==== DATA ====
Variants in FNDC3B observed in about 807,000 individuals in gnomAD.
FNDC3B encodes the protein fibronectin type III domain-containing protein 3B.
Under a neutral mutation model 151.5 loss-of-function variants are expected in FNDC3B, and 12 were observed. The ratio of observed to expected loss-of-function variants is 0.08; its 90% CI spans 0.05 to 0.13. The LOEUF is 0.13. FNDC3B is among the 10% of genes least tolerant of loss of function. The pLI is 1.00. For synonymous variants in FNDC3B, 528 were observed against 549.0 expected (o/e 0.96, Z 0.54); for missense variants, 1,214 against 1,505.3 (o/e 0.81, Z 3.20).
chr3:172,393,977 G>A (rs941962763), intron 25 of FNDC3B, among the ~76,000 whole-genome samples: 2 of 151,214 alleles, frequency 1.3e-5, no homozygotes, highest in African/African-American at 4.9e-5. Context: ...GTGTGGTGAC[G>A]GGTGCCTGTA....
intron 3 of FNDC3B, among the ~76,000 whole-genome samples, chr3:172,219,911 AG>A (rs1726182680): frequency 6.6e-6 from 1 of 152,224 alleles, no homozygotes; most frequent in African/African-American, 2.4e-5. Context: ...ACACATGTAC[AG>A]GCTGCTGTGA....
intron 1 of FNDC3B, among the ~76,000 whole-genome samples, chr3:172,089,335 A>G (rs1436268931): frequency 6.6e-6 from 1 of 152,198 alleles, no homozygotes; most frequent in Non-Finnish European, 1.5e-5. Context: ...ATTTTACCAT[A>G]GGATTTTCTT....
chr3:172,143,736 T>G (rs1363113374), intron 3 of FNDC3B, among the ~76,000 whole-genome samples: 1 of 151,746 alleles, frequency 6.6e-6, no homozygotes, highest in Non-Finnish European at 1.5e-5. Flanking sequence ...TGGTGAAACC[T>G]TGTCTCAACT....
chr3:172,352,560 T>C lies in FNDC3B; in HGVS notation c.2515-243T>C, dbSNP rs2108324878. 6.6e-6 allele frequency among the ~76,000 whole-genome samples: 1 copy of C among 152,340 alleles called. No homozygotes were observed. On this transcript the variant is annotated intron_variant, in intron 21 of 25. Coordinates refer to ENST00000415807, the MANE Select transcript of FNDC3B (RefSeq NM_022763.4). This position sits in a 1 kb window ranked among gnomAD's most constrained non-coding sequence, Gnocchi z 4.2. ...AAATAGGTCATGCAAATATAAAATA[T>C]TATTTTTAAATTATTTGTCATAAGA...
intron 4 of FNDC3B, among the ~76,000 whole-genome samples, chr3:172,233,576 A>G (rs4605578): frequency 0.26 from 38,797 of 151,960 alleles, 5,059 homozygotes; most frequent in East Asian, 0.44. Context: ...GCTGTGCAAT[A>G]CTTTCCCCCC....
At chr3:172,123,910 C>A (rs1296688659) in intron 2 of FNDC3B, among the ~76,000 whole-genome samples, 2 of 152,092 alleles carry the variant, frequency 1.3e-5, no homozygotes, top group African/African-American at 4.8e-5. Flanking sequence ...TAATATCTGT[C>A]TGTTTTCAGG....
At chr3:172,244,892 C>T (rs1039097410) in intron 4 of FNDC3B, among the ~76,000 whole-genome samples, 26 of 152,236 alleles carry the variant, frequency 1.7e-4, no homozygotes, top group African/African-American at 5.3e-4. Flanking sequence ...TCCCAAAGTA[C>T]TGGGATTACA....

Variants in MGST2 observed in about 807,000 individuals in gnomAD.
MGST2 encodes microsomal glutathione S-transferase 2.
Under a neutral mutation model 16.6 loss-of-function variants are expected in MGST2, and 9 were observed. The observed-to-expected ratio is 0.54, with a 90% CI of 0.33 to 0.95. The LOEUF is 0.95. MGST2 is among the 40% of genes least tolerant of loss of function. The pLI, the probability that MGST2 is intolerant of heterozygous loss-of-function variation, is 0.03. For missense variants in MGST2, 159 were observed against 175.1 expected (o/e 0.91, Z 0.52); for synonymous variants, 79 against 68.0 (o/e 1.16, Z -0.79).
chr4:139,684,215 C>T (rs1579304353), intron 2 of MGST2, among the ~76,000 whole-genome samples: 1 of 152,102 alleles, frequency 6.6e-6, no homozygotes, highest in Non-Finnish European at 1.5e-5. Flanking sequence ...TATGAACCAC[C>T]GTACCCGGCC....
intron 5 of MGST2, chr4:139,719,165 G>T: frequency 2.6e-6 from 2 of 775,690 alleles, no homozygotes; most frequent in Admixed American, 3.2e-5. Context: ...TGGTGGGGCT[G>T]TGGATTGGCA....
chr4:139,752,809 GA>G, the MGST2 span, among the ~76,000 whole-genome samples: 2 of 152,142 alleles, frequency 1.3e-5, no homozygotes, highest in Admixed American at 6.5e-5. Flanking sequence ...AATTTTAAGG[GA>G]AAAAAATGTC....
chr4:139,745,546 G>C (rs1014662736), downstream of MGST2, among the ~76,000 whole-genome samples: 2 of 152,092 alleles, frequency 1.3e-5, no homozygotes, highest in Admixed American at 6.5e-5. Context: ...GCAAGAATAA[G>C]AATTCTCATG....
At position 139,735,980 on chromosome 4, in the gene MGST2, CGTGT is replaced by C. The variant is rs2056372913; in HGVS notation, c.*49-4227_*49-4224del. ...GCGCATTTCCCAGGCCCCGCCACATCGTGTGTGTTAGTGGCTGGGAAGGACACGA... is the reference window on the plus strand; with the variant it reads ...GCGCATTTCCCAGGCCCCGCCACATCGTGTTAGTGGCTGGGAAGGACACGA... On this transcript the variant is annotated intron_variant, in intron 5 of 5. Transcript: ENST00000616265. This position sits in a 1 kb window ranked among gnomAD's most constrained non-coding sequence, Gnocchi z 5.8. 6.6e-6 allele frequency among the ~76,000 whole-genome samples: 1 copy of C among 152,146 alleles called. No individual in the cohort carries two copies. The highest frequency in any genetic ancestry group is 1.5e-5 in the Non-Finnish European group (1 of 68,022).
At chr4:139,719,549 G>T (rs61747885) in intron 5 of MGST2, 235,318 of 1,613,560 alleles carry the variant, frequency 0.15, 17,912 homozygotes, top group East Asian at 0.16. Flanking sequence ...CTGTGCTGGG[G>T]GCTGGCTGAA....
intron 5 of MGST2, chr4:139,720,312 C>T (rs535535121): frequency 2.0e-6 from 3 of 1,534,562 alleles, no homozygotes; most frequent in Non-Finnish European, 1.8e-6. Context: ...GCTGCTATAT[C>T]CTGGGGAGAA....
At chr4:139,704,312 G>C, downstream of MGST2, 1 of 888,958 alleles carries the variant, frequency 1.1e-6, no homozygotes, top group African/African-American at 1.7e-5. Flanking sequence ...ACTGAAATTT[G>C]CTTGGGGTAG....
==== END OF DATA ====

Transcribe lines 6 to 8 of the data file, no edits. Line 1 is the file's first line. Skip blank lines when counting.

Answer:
intron 1 of FNDC3B, among the ~76,000 whole-genome samples, chr3:172,089,335 A>G (rs1436268931): frequency 6.6e-6 from 1 of 152,198 alleles, no homozygotes; most frequent in Non-Finnish European, 1.5e-5. Context: ...ATTTTACCAT[A>G]GGATTTTCTT....
chr3:172,143,736 T>G (rs1363113374), intron 3 of FNDC3B, among the ~76,000 whole-genome samples: 1 of 151,746 alleles, frequency 6.6e-6, no homozygotes, highest in Non-Finnish European at 1.5e-5. Flanking sequence ...TGGTGAAACC[T>G]TGTCTCAACT....
chr3:172,352,560 T>C lies in FNDC3B; in HGVS notation c.2515-243T>C, dbSNP rs2108324878. 6.6e-6 allele frequency among the ~76,000 whole-genome samples: 1 copy of C among 152,340 alleles called. No homozygotes were observed. On this transcript the variant is annotated intron_variant, in intron 21 of 25. Coordinates refer to ENST00000415807, the MANE Select transcript of FNDC3B (RefSeq NM_022763.4). This position sits in a 1 kb window ranked among gnomAD's most constrained non-coding sequence, Gnocchi z 4.2. ...AAATAGGTCATGCAAATATAAAATA[T>C]TATTTTTAAATTATTTGTCATAAGA...